Problematizing 'victim's justice' : political reform in post-genocide Rwanda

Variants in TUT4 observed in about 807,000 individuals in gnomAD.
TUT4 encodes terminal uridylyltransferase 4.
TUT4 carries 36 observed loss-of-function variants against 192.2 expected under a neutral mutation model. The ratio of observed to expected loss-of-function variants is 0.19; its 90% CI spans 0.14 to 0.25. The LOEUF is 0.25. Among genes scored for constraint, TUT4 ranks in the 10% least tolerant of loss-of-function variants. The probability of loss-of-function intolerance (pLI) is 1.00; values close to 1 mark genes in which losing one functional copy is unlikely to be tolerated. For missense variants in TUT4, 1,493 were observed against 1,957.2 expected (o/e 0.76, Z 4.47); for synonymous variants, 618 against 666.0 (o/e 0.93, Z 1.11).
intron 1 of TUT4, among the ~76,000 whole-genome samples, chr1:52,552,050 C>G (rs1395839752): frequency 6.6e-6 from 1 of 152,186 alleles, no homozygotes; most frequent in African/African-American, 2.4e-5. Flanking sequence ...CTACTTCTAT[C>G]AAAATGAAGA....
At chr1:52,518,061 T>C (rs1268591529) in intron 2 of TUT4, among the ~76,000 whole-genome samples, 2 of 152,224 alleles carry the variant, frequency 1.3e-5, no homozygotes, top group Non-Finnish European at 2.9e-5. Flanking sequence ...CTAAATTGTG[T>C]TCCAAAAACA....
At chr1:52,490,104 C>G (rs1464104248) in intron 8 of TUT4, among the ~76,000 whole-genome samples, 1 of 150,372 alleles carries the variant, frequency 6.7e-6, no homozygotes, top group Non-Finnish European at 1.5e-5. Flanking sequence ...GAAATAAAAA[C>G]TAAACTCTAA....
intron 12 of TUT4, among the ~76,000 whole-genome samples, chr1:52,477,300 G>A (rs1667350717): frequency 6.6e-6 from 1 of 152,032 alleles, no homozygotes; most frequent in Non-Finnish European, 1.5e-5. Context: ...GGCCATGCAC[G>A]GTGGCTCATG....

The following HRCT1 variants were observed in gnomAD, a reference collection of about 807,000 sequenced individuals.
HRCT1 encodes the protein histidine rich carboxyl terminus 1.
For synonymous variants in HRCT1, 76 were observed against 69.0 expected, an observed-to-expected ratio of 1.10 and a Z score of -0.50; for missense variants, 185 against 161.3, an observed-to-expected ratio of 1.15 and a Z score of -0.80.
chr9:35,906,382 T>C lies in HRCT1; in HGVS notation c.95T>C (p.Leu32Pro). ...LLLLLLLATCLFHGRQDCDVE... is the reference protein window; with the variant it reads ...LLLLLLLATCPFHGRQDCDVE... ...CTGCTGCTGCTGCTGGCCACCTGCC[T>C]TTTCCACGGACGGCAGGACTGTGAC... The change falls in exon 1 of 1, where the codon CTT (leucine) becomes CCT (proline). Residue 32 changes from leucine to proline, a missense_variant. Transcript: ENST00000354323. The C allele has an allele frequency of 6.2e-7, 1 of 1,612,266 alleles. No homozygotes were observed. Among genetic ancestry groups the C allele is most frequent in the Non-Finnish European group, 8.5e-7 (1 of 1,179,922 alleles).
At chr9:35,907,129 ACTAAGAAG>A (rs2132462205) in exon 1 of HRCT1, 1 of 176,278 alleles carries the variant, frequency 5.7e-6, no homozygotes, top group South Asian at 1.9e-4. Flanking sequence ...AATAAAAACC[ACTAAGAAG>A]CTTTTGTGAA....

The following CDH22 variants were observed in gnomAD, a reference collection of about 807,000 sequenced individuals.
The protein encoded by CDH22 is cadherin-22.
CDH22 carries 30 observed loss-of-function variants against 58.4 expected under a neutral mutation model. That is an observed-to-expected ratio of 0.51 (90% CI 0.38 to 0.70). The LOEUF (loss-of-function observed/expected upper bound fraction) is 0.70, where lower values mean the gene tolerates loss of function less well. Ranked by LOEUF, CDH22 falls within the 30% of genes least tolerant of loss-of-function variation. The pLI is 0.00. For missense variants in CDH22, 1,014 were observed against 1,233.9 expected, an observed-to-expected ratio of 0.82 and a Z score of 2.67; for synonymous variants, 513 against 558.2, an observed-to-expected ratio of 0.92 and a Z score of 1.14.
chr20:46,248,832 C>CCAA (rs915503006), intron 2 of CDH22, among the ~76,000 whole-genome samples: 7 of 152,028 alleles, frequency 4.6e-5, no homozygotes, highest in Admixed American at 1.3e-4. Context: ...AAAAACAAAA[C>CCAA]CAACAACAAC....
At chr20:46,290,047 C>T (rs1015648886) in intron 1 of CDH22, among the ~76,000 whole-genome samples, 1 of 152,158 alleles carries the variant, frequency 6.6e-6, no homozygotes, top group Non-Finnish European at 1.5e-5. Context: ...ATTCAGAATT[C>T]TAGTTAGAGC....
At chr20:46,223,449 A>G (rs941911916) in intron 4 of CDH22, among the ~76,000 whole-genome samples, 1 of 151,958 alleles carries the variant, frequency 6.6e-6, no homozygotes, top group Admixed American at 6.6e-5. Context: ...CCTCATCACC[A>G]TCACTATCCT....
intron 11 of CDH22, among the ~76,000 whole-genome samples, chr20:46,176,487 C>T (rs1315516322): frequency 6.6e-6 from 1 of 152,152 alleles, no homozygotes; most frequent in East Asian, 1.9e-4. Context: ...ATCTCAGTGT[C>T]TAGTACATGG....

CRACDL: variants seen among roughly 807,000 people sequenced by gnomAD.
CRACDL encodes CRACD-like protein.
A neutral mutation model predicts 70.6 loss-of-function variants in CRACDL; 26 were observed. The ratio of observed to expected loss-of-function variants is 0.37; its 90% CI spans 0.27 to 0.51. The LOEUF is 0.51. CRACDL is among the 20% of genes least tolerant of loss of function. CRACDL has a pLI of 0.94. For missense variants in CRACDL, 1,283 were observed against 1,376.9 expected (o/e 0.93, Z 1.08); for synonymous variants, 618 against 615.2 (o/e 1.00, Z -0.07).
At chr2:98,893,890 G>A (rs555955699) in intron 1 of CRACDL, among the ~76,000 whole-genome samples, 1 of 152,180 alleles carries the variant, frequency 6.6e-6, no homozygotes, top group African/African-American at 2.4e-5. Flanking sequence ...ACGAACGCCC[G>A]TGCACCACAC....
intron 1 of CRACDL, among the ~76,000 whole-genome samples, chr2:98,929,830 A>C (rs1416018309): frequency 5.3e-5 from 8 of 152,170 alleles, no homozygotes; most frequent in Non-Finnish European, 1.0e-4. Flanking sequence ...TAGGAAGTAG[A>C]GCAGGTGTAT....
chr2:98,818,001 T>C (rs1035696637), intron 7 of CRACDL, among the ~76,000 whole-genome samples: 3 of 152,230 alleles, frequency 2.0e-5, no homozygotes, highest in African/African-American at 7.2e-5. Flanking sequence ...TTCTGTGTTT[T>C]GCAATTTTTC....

In this dissertation, I problematize 'victim's justice' in post-genocide Rwanda. I argue that the kind of justice that was meted out in post-genocide Rwanda, namely victors' justice and complementary to it – victims’ justice, does not allow for the political reform required to break the cycle of violence in Rwanda. In the aftermath of the 1994-Rwandan Genocide, both state and society were faced with a moral and political dilemma, because the popular agency or mass participation of perpetrators derived from the Hutu majority, who targeted the Tutsi minority, with intent to annihilate them. There were massacres of both Hutus and Tutsis, but Hutus were targeted as individuals, whereas Tutsis were targeted as a group. It is the specific ‘intent to annihilate’ Tutsis as group, that makes this a Genocide against Tutsis. I draw and develop arguments made by Mahmood Mamdani, elaborating on the specific question of ‘victims justice’ for political reform in Rwanda. Both kinds of justice were outcomes of the logic of the Nuremburg Trials. Since its inception, the legacy of the Nuremburg Trial is demonstrated in how it was idealized at the end of the Cold-War by international law and human rights regime. In essence, the historical and political context of the Nuremburg trial has been removed, as it has been produced into a template- the 'Nuremburg-styled criminal trial'. 'Criminal justice' has come to define how we think of justice after mass violence, as the most morally acceptable form of justice for the victims, and the most politically viable response for constituting a 'new political order' after mass violence. This dissertation addresses the argument made, that victors' justice and victims' justice in Rwanda, has constituted two categories, which collectivise Tutsis as victims and Hutus as perpetrators. In the context of a genocide, where the perpetrators are derived from the Hutu majority and the victims from the Tutsi minority, this present both a moral and political dilemma for Rwanda’s state-building and national reconciliation project. Criminal justice also frames mass violence as being criminal, rather than addressing it as political violence. This has troubling consequences for intervening into the cycle of violence in Rwanda. The 'cycle of violence' in Rwanda, refers to the continuation of political violence, in which 'every round of perpetrators has justified the use of violence as the only effective guarantee against being victimised yet again. Thus, intervention into the cycle of violence would mean thinking out of the logic of victimhood and pursuing an alternative kind of justice. To think of the genocide as political violence, redirects the attention to the issues that made the genocide possible. I establish the importance and necessity of critically interrogating 'victims justice' in Rwanda, by placing the 1994-Genocide in its historical and political context, with a particular focus on the legacy of colonialism. The post-colonial regimes in Rwanda, inherited the colonial institutions of rule; and the politicisation of Hutu and Tutsi into racial categories, which have shaped particular meanings for power, justice and citizenship. I demonstrate in this dissertation that critical issues found in post-genocide Rwanda today, are symptomatic of the inherited colonial legacy. I address the prevailing political crisis through an analysis on post-genocide governance; national reconciliation; the 'land question'; and the Great Lakes refugee crisis. Furthermore, I found that it was critically important for my research question, to also adopt a regional perspective, because Rwanda lies at the epicentre of the Great Lakes regional crisis. This dissertation concludes with returning to the question of political reform, and breaking the 'cycle of violence'. My suggestion is that we need to think of Mamdani's concept of survivor's justice, rather than victims' justice or victors' justice, which assist in confronting the needs of political reform that address colonial legacies.